Ty Harrell

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Ty Harrell
Member of the North Carolina House of Representatives
from the 41st district
In office
January 2007 – September 20, 2009
Preceded by J. Russell Capps
Succeeded by Chris Heagarty
Personal details
Born (1970-02-06) February 6, 1970 (age 44)
Newark, NJ
Political party Democratic
Residence Raleigh, NC
Alma mater Appalachian State University
The George Washington University
Profession fundraiser,[1] consultant[2]
Religion Episcopalian

Warren Tyrone (Ty) Harrell (born February 6, 1970, in Newark, New Jersey) is a former Democratic member of the North Carolina General Assembly representing the state's 41st House district in western Wake County. He defeated Chris Mintz in the 2006 Democratic primary, and incumbent J. Russell Capps in the 2006 general election.

On September 20, 2009, just nine months into his second term in office, Harrell resigned from the North Carolina House of Representatives after separate investigations into his campaign expenditures were launched by the House Ethics Committee and the State Board of Elections;[3] however, to-date, no criminal wrongdoing has been found.

Personal life[edit]

Harrell is currently separated from his wife, Canadian national Melanie DuPon. They have two sons. In July 2009, his wife filed preliminary divorce proceedings, alleging that Harrell was involved in at least one extramarital affair, left their young children at home alone, drank heavily, and refused and failed to pay taxes.[3][4]

Harrell was raised in Raleigh, North Carolina and graduated from Sanderson High School. Harrell received his B.A in English from Appalachian State University and his M.A in Political Management from The George Washington University. He is also a member of the Kappa Alpha Psi fraternity.


Controversies & investigations[edit]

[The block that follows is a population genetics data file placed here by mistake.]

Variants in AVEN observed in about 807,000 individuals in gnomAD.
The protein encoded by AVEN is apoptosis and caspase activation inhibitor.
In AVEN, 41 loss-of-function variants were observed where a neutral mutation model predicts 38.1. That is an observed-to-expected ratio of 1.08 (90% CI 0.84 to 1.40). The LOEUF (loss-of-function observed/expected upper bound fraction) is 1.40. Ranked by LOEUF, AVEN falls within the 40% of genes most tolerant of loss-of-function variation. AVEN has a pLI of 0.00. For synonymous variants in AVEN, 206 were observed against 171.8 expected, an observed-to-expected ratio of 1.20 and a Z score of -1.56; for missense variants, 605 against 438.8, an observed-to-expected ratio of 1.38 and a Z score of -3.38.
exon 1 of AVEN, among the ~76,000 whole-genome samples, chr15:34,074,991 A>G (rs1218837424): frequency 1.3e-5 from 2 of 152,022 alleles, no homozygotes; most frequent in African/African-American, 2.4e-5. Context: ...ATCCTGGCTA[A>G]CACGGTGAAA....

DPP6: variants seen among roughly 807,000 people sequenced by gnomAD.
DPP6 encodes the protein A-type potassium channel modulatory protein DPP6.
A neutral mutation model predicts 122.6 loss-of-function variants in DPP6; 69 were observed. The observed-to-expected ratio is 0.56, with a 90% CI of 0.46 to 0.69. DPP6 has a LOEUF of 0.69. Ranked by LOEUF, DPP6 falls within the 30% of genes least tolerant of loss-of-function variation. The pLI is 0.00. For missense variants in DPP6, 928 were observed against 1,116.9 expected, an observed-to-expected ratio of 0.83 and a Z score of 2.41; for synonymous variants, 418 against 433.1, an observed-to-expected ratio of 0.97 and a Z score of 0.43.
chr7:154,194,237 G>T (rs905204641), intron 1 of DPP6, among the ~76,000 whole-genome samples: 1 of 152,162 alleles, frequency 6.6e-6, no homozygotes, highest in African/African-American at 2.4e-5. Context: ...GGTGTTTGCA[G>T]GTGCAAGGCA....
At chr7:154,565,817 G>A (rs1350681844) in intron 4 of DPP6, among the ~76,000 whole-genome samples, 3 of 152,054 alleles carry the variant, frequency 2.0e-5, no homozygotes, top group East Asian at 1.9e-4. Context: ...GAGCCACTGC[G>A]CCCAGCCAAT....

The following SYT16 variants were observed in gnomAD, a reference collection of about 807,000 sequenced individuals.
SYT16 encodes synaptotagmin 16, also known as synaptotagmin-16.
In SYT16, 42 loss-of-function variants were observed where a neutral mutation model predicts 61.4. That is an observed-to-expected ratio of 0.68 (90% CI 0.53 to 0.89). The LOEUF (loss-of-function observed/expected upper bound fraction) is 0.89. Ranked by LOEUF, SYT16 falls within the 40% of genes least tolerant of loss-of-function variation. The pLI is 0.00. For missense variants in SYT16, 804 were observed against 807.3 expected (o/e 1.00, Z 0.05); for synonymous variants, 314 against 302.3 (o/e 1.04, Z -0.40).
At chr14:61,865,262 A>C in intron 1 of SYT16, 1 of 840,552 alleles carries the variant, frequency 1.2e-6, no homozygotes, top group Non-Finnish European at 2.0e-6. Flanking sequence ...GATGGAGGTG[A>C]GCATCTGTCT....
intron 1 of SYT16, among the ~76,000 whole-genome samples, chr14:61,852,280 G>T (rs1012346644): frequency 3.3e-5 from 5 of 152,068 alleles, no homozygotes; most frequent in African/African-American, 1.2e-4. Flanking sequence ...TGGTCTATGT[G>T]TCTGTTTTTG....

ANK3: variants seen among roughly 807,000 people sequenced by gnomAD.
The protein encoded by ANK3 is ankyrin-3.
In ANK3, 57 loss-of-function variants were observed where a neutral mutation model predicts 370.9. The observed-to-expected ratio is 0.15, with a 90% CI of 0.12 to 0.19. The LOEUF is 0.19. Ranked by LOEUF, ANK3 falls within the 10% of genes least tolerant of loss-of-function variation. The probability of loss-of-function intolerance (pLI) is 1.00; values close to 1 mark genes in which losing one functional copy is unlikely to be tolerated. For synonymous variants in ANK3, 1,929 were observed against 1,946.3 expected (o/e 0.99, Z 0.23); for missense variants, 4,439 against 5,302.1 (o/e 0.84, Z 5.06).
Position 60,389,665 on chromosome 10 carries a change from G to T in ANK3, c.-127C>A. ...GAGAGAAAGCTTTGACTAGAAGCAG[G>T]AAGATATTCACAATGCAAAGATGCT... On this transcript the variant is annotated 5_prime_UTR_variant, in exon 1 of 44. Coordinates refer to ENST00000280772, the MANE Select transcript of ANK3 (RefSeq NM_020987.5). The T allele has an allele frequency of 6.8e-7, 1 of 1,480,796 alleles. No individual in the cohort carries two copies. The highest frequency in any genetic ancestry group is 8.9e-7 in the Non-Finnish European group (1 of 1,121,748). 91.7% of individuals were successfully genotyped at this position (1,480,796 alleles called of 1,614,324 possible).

In early September 2009, the North Carolina State Board of Elections began an official audit of Harrell's campaign finance records, citing irregularities, unusual activity and incomplete entries.[5] Among the items that reportedly caught the attention of auditors were hundreds of dollars in campaign expenditures at clothing and luggage stores marked as "committee meetings" on the paperwork Harrell filed.[6]

Shortly after the Board of Elections' announcement, the NC House Speaker's Office announced that the Speaker had ordered an ethics investigation of Harrell over his financial records.[7]

In his first run for State House in 2006, Harrell was criticized for delinquent tax payments for vehicles and property he owned. Harrell had 17 delinquent tax payments over an 11-year period totaling more than $3,100. One such tax bill was nearly eight years overdue.[8]

On September 20, 2009, Harrell submitted a letter of resignation to House Speaker Joe Hackney, effective immediately, amid the ongoing controversy over campaign expenditures totaling more than $13,000, revelations he was living outside of his district, and his divorce from his wife.[3][9]

Legislative activities[edit]

In his first term as Representative of the 41st district, Harrell supported measures for higher teacher and state employee salaries, accessible and quality healthcare, protection of local small businesses and collaborative university efforts in the search for renewable energy sources.[citation needed]

Harrell began his second term as Chair of the House Committee on Science and Technology and vice-chair of the House Committee on State Government and State Personnel, as well as vice-chair of the House Appropriations Subcommittee on Transportation.

Early in his second term, Harrell received criticism for his support of H. 1252 ("Level Playing Field") in his committee. The bill was heavily supported by various conservative organizations as well as Time Warner Cable, which had a location within then-Representative Harrell's district.[citation needed]

The left-leaning North Carolina Center for Public Policy Research listed Harrell 52nd in their 2008 effectiveness rankings, the highest ranking given to any freshman lawmaker.[10] Those rankings have since been criticized for favoring the majority party, as they include votes from the media, lobbyists, and the lawmakers themselves.[11]

In the group's subsequent 2010 rankings, the Raleigh News & Observer reported that "the dubious honor for the biggest drop in effectiveness belongs to former Rep. Ty Harrell, who dropped from 52nd to 110th."[12]

Political activities[edit]

In June 2007, Harrell became the first elected official in North Carolina to endorse Barack Obama,[13] and after the president's election, Harrell was briefly rumored to have been considered a potential choice as Obama's ambassador to Canada.[14][15]

External links[edit]

References[edit]